Sunday, April 08, 2012

What does Tinariwen, a Rock Band from Deserts of Sahara teach Entrepreneurs?

Entrepreneurs in India have so many excuses for not being able to do things, for not being able to come up with a world class product/service, for not being able to get the best of the resources. This is the most common point of discussion on the start-up circuit. People meet, exchange the progress and go on to worry about the state of affairs in Indian scene from the lack of VCs to lack of dedicated professionals to lack of infrastructure to lack of everything.

 I agree that the problems discussed are true and it does affect the business/dhanda. In my understanding the best technologies, products, designs, ideas and research should come out from places like South East Asia, Africa, Eastern Europe as they need them more and solutions to our problems should be solved by us. But why is it not happening? I would blame it to lack of self belief and the scapegoat called lack of things. 

Winner of Grammy's 2012, Tinariwen, a rock band from Africa  teaches us how we can defeat the circumstances and come out as winners. They are from Sahara ,deserts of Northern Mali, which has been plagued with violent resistance movement for more than fifty years. It was here that the founder Ibrahim formed the band in 1979 and their journey began ( You can read about them here and here  ) from the struggles of the life in deserts to the band which is being touted as the best guitar based rock band  of the 21st century.

Tinariwen did not fret about not having the best guitars and amps. In fact at first they only played acoustics as it was easy to carry it around the camps. Also they did not look at the west and copied them in every sense. They simply used the instruments and expressed themselves through their language, melodies ( A lesson for Parikramas, Orangestreets and Bhayanak Mauts). Tinariwen is also called rebel guitar poets as they sing about Tuareg culture and the various problems it is facing due to modernization. In the process their guitar rifts are out of this world, forcing the most acclaimed western musicians like Robert Plant, Santana, RHCP, Nels Cline(Wilco) to hail them as the real blues player and precursor to Muddy Waters, John Lee Hooker and  B B King; and rocking the rock world with the best live acts.

We in India also have to look at the similar approach. Traditionally we have done more with the less. We are not the land of abundance as the west has now become. Even there the best of the start-ups ,who go on to become formidable forces have the same approach, which is to solve their problem as efficiently as possible. It seems it has become the norm to copy a successful western model like E Commerce or IT Services or Digital Media or Automobile and scale it here. I do not need to take names as one can see around and find out. It's like we are buying tools which are bigger and better only to realize that we did not need them in the first place. On the top of it we complain about not being able to get the best of the tools. A band like Tinariwen teaches us that a real world class product or services can be produced in India with our very own resources. Our cars have synthetic fabrics, our houses are replicas of European houses, our website designs have western faces, our phones lack any design and so on.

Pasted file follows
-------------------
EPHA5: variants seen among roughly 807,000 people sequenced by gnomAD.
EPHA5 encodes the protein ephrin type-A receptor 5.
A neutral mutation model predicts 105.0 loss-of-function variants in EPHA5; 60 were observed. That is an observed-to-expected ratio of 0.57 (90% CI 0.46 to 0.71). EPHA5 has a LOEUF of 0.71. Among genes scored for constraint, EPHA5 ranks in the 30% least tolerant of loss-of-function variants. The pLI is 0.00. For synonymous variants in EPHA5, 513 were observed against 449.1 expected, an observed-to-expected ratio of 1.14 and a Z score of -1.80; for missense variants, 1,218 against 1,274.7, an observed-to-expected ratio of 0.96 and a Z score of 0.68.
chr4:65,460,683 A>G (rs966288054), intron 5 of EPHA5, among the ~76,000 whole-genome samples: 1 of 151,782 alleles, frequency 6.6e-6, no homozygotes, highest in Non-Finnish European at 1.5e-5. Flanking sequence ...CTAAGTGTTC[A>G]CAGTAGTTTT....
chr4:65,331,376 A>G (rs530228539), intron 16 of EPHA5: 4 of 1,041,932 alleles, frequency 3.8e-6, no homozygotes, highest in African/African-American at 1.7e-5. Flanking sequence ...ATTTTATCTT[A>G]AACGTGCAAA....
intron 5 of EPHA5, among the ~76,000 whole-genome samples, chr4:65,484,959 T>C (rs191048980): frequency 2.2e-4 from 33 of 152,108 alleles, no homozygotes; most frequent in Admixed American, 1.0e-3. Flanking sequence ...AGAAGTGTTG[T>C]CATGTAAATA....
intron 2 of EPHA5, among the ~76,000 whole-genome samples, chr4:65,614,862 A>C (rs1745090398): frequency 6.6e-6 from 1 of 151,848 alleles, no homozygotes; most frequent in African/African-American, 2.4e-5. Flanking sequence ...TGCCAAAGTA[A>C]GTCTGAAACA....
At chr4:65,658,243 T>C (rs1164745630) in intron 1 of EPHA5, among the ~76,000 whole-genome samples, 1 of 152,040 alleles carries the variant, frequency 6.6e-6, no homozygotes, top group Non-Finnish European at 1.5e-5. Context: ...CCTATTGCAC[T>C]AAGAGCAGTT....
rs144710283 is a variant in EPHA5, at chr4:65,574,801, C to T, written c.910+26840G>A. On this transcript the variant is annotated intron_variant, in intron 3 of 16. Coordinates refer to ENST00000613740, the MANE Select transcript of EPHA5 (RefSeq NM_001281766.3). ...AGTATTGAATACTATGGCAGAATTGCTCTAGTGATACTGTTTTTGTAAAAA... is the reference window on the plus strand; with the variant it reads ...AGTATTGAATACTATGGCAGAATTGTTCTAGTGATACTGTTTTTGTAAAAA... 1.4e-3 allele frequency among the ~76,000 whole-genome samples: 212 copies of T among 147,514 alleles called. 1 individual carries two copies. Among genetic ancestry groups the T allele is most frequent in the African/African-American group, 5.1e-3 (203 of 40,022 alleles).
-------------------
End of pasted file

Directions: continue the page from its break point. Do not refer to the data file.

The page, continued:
With slight change in our attitude and lots of hard work I am sure we will be able to solve our problems and in the process make this place a lot better than what it is now. I am leaving you with  links of Tinariwen's live performance in Womad where they rocked the crowd. Just listen to their guitar rifts, call and response singing and the rhythm patterns of djembe and tinde. 

Womad Performance

NPR Performance

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Friday, March 16, 2012

See it through.

*You may fail, but fall still fighting;
Don't give up, whate'er you do;
Eyes front, head high to the finish.
See it through!
Edgar Albert Guest*


Those are the words from the poet Edgar Albert Guest. There are times when one feels like quitting and trying against the odds seems invain. There are times when failure stares into the eyes, mocking fun at all the efforts one has made, because one could have genuinely done better and differently. There are times when the world around you seems a neverending grind and toil till the end. And if one can listen to what many have called the inner self or heart, there comes a  voice asking to give it a one more try. It says to get on your feet, shirk away the dust, hold the troubles by its horn and confront it.